Indeed, 72 percent of Americans believe that a polished appearance can brighten the prospects of women getting hired and earning promotions, according to a 2010 Newsweek poll. Clothing of candidates in job interviews remains a top employer complaint in Miami, said Sonia Jacobson, co-founder of the Miami affiliate of Dress for Success and former consultant for an image-development firm.
“Fifty percent of the initial interview is formed within seconds of walking in the room,” she said. To be sure its beneficiaries are truly well clad, Dress for Success declines 75 percent of the donations it is offered because they don’t meet its quality standards. But donations from name brands like Ann Taylor help ensure that Dress for Success job applicants look ready to work.
Every room in the nonprofit’s small white house in Overtown is neatly packed with racks of clothing — many with designer labels. Jacobson pulled a BCBG dress from one rack; a bright red Tahari suit and a cream Liz Claiborne sweater hung from another. In an adjacent room, a shoe rack held Stuart Weitzman and Kenneth Cole heels.
In 1995, when the Miami program was just starting out as Suited for Success, it was a silk beige suit, matching purse, and pumps for LaQuita Sartin, Jacobson’s first client.
But that’s not all. The flecks of hazel in Sartin’s caramel-colored eyes practically conceal the fact that the left eye is made of glass. She lost her real eye in a confrontation. After bouncing between minimum-wage jobs to support her three children, the welfare office put Sartin in Jacobson’s path.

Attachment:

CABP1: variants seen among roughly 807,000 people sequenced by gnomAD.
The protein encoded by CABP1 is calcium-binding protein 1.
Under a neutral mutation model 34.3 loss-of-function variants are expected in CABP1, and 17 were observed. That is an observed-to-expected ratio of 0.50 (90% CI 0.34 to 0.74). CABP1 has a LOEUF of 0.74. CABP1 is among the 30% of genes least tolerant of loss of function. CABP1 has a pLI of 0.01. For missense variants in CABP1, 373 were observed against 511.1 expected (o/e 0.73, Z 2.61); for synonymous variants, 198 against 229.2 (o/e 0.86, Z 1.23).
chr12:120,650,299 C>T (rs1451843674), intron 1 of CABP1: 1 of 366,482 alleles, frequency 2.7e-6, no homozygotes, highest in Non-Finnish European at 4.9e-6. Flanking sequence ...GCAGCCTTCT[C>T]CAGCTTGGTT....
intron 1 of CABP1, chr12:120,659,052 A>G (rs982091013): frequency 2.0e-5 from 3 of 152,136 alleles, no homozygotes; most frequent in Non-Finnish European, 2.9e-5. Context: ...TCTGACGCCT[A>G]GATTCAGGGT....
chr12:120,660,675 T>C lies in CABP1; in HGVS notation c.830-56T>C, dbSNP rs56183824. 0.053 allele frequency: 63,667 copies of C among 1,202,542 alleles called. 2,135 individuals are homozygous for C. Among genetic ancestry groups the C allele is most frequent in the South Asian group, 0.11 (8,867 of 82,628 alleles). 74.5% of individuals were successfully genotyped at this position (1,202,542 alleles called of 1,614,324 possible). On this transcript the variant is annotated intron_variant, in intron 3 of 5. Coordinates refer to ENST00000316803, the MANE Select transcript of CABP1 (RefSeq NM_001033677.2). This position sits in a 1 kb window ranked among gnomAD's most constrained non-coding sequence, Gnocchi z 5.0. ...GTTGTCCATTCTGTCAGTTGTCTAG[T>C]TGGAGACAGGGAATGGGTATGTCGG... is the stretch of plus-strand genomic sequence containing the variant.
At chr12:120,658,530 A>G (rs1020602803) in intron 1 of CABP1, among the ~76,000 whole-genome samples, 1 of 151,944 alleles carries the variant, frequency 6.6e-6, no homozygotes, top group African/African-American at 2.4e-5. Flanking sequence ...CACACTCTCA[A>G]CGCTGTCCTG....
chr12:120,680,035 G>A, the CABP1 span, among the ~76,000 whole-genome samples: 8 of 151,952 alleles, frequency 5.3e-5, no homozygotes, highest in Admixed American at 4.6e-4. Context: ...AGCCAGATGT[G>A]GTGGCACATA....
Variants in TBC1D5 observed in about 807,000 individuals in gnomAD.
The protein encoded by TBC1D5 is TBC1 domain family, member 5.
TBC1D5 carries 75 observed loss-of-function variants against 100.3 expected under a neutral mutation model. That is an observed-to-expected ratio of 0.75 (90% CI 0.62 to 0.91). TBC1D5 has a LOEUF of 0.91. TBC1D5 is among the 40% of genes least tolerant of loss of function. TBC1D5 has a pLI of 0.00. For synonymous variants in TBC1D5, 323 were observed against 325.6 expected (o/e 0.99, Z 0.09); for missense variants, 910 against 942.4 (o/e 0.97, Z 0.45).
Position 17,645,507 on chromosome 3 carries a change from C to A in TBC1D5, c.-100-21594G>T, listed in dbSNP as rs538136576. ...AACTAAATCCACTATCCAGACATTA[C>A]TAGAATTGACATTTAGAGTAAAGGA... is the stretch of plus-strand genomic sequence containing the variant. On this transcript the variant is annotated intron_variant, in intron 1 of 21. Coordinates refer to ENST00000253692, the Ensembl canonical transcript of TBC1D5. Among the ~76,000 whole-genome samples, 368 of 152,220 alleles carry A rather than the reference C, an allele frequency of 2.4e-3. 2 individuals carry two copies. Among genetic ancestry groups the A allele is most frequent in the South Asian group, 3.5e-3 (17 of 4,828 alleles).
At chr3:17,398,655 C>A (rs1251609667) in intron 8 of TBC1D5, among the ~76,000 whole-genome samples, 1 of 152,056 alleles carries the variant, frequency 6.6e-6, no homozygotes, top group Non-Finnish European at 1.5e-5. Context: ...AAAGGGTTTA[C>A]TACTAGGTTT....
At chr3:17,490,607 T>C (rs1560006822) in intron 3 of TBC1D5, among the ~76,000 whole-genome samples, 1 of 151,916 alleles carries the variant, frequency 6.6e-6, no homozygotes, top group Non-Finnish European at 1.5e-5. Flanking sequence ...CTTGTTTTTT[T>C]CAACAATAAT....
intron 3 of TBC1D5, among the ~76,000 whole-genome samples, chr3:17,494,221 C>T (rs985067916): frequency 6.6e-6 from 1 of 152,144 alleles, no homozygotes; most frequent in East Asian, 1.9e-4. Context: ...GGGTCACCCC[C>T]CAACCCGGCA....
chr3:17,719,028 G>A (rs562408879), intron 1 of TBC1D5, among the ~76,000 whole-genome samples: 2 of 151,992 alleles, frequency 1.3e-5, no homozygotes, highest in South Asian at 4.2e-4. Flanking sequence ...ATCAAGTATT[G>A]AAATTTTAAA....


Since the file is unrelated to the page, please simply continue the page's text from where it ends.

“When she left, I turned around and told Barbara, the other founder, ‘We have to get her an eye,’ ” Jacobson said. The Bascom Palmer Eye Institute agreed to do the surgery pro bono, but Jacobson still had to round up $2,500 for the prosthetic eye. So, she held a fundraiser with the help of the Professional Women’s Group in Fort Lauderdale. Then Jacobson presented an oversized check to Sartin.
“I was so overwhelmed with happiness that I began to cry,” Sartin said. “I had been a victim, but then I was blessed.” Sartin, now 40, works in the billing department at Comcast. Just three more semesters at Miami Dade College stand between her and a psychology degree. Eventually, she wants to open her own home for disadvantaged boys in New Orleans.
The clothes that came from Dress for Success still hang in Howell’s closet, she said. She keeps them as reminders of where she came from. Today, she mines the clearance racks at Macy’s and Neiman Marcus for her businesswear. “I have no shame in recycling outfits,” she said.